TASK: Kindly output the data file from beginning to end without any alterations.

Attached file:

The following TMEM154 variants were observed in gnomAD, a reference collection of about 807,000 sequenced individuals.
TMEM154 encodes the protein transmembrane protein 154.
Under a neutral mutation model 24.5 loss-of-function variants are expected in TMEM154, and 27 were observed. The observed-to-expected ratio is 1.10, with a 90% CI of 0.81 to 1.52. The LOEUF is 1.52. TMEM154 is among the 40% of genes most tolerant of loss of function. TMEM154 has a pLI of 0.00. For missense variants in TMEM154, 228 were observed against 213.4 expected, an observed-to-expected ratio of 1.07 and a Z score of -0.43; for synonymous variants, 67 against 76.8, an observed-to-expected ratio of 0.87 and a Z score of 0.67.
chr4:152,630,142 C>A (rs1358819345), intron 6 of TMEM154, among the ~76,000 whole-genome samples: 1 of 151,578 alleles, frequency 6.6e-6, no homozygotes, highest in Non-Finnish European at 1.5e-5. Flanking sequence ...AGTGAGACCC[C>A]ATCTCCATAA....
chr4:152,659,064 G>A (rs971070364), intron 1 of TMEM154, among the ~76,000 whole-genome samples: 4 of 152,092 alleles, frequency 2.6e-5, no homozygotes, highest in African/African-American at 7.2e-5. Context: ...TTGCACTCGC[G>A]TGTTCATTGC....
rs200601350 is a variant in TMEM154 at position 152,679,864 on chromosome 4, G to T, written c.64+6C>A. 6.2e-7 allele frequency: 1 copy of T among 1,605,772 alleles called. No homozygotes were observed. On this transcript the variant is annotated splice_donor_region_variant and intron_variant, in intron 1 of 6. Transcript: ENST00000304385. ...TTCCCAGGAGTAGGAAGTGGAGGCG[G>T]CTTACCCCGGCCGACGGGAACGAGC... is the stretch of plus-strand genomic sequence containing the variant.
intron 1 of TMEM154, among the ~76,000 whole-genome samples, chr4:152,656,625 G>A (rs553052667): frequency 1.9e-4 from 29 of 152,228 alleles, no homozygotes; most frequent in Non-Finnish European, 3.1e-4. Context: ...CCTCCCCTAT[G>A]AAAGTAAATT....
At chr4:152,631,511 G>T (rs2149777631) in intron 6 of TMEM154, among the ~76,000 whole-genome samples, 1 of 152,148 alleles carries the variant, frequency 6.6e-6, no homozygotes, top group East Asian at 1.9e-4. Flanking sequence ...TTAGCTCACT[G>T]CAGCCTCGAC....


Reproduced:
The following TMEM154 variants were observed in gnomAD, a reference collection of about 807,000 sequenced individuals.
TMEM154 encodes the protein transmembrane protein 154.
Under a neutral mutation model 24.5 loss-of-function variants are expected in TMEM154, and 27 were observed. The observed-to-expected ratio is 1.10, with a 90% CI of 0.81 to 1.52. The LOEUF is 1.52. TMEM154 is among the 40% of genes most tolerant of loss of function. TMEM154 has a pLI of 0.00. For missense variants in TMEM154, 228 were observed against 213.4 expected, an observed-to-expected ratio of 1.07 and a Z score of -0.43; for synonymous variants, 67 against 76.8, an observed-to-expected ratio of 0.87 and a Z score of 0.67.
chr4:152,630,142 C>A (rs1358819345), intron 6 of TMEM154, among the ~76,000 whole-genome samples: 1 of 151,578 alleles, frequency 6.6e-6, no homozygotes, highest in Non-Finnish European at 1.5e-5. Flanking sequence ...AGTGAGACCC[C>A]ATCTCCATAA....
chr4:152,659,064 G>A (rs971070364), intron 1 of TMEM154, among the ~76,000 whole-genome samples: 4 of 152,092 alleles, frequency 2.6e-5, no homozygotes, highest in African/African-American at 7.2e-5. Context: ...TTGCACTCGC[G>A]TGTTCATTGC....
rs200601350 is a variant in TMEM154 at position 152,679,864 on chromosome 4, G to T, written c.64+6C>A. 6.2e-7 allele frequency: 1 copy of T among 1,605,772 alleles called. No homozygotes were observed. On this transcript the variant is annotated splice_donor_region_variant and intron_variant, in intron 1 of 6. Transcript: ENST00000304385. ...TTCCCAGGAGTAGGAAGTGGAGGCG[G>T]CTTACCCCGGCCGACGGGAACGAGC... is the stretch of plus-strand genomic sequence containing the variant.
intron 1 of TMEM154, among the ~76,000 whole-genome samples, chr4:152,656,625 G>A (rs553052667): frequency 1.9e-4 from 29 of 152,228 alleles, no homozygotes; most frequent in Non-Finnish European, 3.1e-4. Context: ...CCTCCCCTAT[G>A]AAAGTAAATT....
At chr4:152,631,511 G>T (rs2149777631) in intron 6 of TMEM154, among the ~76,000 whole-genome samples, 1 of 152,148 alleles carries the variant, frequency 6.6e-6, no homozygotes, top group East Asian at 1.9e-4. Flanking sequence ...TTAGCTCACT[G>T]CAGCCTCGAC....